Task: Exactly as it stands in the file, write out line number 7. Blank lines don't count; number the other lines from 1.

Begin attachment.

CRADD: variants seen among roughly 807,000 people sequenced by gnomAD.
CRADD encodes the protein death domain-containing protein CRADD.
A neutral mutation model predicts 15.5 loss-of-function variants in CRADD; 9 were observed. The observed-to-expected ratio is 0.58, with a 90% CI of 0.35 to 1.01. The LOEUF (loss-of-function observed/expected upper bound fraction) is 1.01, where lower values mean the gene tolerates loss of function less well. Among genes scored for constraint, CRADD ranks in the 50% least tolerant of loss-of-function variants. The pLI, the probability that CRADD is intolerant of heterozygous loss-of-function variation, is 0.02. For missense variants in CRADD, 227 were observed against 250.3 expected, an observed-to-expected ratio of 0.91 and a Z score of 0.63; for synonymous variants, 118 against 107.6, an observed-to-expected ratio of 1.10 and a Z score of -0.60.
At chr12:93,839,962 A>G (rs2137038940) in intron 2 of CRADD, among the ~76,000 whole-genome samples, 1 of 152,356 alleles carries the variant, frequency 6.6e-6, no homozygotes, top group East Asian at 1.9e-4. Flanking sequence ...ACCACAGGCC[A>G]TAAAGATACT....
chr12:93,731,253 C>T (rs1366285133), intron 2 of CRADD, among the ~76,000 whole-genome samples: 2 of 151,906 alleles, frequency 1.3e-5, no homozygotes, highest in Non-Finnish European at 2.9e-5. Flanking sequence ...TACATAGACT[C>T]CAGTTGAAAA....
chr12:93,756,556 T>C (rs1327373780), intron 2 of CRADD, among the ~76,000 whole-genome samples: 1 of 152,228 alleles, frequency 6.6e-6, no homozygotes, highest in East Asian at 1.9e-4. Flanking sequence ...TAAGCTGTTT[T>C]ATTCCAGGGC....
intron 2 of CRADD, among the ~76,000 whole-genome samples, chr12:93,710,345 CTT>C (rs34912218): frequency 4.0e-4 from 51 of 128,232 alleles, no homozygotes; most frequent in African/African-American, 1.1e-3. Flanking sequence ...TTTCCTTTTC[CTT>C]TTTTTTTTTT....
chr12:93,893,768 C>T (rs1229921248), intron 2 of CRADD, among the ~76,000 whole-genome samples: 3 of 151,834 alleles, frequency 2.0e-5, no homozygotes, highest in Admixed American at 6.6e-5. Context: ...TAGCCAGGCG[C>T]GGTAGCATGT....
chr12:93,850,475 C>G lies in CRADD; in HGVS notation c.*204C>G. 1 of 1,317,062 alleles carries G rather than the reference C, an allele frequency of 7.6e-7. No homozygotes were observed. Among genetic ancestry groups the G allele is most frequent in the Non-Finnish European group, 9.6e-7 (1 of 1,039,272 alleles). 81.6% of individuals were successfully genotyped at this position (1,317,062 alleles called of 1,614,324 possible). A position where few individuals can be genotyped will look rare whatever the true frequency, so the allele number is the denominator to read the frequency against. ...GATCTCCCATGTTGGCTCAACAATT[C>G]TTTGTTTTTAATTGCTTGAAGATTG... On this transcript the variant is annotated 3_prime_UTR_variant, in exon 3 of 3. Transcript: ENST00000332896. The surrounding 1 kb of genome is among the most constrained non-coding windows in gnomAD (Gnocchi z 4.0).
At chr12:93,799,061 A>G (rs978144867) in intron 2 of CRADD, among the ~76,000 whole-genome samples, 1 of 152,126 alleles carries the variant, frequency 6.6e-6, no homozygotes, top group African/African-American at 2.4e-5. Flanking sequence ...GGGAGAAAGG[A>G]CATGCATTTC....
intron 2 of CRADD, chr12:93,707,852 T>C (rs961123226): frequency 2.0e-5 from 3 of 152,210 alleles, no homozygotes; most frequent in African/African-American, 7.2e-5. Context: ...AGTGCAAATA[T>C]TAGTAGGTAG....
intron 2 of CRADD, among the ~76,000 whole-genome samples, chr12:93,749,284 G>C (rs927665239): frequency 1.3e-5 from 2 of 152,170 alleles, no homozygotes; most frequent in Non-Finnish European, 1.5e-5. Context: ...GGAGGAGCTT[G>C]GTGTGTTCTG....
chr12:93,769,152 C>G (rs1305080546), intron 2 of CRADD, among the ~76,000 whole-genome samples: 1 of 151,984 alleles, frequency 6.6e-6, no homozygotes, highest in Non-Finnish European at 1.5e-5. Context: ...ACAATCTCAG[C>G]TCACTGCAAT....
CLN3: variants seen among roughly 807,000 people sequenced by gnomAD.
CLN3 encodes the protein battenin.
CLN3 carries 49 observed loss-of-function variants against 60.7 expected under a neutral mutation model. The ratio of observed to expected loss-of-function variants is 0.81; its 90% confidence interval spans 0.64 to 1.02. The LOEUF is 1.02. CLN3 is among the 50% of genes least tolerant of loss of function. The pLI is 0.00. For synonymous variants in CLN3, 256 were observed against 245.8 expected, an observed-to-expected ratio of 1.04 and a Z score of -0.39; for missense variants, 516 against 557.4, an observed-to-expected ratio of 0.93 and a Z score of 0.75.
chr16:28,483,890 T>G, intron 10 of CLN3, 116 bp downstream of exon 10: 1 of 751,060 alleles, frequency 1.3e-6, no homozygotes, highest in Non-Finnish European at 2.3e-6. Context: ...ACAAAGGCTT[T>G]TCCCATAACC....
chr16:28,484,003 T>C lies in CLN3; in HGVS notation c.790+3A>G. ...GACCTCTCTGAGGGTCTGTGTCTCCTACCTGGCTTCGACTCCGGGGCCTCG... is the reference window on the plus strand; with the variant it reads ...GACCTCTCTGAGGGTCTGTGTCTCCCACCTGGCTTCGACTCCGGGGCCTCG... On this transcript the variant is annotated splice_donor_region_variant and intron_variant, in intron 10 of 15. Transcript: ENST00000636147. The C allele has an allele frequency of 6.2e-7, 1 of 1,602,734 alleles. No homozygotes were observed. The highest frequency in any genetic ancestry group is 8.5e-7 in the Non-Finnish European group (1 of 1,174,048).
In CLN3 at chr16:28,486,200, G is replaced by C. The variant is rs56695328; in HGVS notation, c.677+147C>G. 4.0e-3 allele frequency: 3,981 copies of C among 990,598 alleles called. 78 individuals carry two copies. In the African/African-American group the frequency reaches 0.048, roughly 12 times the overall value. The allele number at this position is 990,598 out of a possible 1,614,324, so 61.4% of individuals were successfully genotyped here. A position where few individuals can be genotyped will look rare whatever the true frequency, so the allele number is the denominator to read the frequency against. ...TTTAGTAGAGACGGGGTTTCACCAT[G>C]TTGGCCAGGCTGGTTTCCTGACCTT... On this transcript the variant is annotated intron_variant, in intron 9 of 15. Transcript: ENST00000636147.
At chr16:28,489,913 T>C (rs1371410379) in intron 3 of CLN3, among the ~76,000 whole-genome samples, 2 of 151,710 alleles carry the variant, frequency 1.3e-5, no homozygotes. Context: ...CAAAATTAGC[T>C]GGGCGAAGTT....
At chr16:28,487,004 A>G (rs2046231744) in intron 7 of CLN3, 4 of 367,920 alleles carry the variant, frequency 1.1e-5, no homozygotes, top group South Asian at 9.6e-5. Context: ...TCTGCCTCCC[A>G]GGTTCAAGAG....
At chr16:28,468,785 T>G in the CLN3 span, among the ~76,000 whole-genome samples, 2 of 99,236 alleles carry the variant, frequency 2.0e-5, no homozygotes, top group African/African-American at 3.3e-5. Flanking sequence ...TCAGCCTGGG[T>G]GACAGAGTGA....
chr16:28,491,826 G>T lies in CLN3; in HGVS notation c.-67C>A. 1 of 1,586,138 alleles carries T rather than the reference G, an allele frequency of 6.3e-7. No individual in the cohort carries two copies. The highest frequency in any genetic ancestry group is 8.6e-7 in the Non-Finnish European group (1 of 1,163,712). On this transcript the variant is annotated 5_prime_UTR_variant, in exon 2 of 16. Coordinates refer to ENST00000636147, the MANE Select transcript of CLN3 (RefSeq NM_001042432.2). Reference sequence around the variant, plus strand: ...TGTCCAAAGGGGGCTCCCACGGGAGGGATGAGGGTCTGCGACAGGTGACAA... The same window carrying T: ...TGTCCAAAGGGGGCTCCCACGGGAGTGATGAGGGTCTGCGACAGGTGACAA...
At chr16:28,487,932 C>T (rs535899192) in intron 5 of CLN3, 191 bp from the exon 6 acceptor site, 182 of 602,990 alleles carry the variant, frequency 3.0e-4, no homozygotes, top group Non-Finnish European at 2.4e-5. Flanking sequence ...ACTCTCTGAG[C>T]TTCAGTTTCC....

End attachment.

intron 2 of CRADD, among the ~76,000 whole-genome samples, chr12:93,710,345 CTT>C (rs34912218): frequency 4.0e-4 from 51 of 128,232 alleles, no homozygotes; most frequent in African/African-American, 1.1e-3. Flanking sequence ...TTTCCTTTTC[CTT>C]TTTTTTTTTT....